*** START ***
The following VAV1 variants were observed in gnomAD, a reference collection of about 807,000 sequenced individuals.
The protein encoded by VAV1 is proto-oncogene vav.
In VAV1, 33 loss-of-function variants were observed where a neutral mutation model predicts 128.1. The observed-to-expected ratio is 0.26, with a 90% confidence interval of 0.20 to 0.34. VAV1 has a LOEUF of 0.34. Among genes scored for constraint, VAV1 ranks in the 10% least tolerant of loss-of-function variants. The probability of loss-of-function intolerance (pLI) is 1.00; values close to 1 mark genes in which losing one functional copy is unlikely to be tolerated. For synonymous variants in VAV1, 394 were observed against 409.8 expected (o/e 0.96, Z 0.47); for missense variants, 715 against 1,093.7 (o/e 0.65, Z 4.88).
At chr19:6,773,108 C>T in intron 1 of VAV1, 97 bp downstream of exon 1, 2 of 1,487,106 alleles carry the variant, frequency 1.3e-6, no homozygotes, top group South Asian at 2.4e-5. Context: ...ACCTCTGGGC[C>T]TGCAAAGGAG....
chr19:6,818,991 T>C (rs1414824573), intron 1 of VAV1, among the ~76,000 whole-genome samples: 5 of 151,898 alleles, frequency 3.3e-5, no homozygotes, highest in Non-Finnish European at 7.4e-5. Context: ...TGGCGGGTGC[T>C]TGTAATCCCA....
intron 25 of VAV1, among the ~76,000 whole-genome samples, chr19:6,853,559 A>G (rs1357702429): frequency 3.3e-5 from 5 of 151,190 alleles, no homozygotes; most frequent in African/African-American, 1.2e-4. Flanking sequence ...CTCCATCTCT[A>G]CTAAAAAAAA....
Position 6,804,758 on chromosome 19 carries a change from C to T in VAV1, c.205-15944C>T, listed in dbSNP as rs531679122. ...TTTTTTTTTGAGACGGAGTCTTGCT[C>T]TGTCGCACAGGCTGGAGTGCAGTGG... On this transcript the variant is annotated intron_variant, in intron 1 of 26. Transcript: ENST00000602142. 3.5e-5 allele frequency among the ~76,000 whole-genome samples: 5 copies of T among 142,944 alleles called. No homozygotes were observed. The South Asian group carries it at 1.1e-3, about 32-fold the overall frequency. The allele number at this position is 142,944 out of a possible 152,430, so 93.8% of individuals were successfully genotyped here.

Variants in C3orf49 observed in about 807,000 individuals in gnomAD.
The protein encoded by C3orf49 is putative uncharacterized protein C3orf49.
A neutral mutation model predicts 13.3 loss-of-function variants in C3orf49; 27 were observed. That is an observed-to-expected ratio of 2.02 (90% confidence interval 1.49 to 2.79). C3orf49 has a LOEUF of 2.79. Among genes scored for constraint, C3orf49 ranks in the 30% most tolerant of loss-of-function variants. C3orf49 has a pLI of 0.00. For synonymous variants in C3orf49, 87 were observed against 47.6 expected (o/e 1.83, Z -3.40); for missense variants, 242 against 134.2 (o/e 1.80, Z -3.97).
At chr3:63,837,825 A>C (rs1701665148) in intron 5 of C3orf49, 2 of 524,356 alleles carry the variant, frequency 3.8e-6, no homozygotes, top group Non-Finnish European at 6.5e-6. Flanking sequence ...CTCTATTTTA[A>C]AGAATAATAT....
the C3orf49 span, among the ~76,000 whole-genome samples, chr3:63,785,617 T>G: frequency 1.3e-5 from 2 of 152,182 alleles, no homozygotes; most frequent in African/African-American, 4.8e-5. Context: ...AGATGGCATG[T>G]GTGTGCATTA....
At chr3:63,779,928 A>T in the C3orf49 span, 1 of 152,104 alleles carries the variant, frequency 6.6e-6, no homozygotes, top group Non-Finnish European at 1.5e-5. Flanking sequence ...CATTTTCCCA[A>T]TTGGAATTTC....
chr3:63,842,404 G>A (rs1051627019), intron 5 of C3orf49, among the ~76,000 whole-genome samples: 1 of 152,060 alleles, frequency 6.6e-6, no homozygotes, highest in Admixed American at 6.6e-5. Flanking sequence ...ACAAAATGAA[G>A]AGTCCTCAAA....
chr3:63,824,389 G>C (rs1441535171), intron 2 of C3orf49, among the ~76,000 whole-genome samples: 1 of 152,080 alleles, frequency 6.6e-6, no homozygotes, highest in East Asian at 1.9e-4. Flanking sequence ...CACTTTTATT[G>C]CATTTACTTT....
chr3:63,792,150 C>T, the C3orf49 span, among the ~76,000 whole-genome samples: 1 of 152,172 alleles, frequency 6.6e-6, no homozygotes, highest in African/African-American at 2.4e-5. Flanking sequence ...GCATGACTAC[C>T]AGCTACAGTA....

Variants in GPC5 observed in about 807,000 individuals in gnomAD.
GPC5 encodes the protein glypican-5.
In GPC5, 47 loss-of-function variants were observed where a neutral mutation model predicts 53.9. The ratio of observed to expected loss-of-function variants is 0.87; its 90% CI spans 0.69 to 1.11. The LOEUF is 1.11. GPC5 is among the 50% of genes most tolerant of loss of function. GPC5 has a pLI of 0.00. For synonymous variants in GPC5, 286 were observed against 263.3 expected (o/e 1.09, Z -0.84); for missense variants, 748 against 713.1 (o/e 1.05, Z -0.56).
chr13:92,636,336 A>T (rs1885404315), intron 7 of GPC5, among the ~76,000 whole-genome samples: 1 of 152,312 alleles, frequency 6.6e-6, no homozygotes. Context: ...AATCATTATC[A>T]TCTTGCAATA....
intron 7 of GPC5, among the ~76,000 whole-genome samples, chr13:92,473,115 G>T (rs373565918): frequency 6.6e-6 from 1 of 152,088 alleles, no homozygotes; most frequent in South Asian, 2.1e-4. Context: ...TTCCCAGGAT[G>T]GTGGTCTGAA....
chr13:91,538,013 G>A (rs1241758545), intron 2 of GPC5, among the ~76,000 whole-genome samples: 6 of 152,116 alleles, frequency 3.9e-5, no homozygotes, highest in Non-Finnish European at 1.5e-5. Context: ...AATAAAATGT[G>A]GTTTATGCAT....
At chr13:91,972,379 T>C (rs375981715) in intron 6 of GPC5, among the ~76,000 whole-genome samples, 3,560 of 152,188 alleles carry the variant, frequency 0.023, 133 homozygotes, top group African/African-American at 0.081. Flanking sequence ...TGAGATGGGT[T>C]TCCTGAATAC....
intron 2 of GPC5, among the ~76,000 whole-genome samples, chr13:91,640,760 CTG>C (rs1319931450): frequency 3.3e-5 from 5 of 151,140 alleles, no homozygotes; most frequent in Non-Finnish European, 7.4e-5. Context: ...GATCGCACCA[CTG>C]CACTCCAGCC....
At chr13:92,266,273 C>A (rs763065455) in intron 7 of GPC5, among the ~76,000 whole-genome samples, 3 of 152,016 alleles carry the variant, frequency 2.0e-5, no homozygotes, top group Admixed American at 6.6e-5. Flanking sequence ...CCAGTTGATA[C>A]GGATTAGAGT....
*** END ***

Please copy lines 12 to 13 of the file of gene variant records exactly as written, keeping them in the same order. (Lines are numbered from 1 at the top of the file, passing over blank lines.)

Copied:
the C3orf49 span, among the ~76,000 whole-genome samples, chr3:63,785,617 T>G: frequency 1.3e-5 from 2 of 152,182 alleles, no homozygotes; most frequent in African/African-American, 4.8e-5. Context: ...AGATGGCATG[T>G]GTGTGCATTA....
At chr3:63,779,928 A>T in the C3orf49 span, 1 of 152,104 alleles carries the variant, frequency 6.6e-6, no homozygotes, top group Non-Finnish European at 1.5e-5. Flanking sequence ...CATTTTCCCA[A>T]TTGGAATTTC....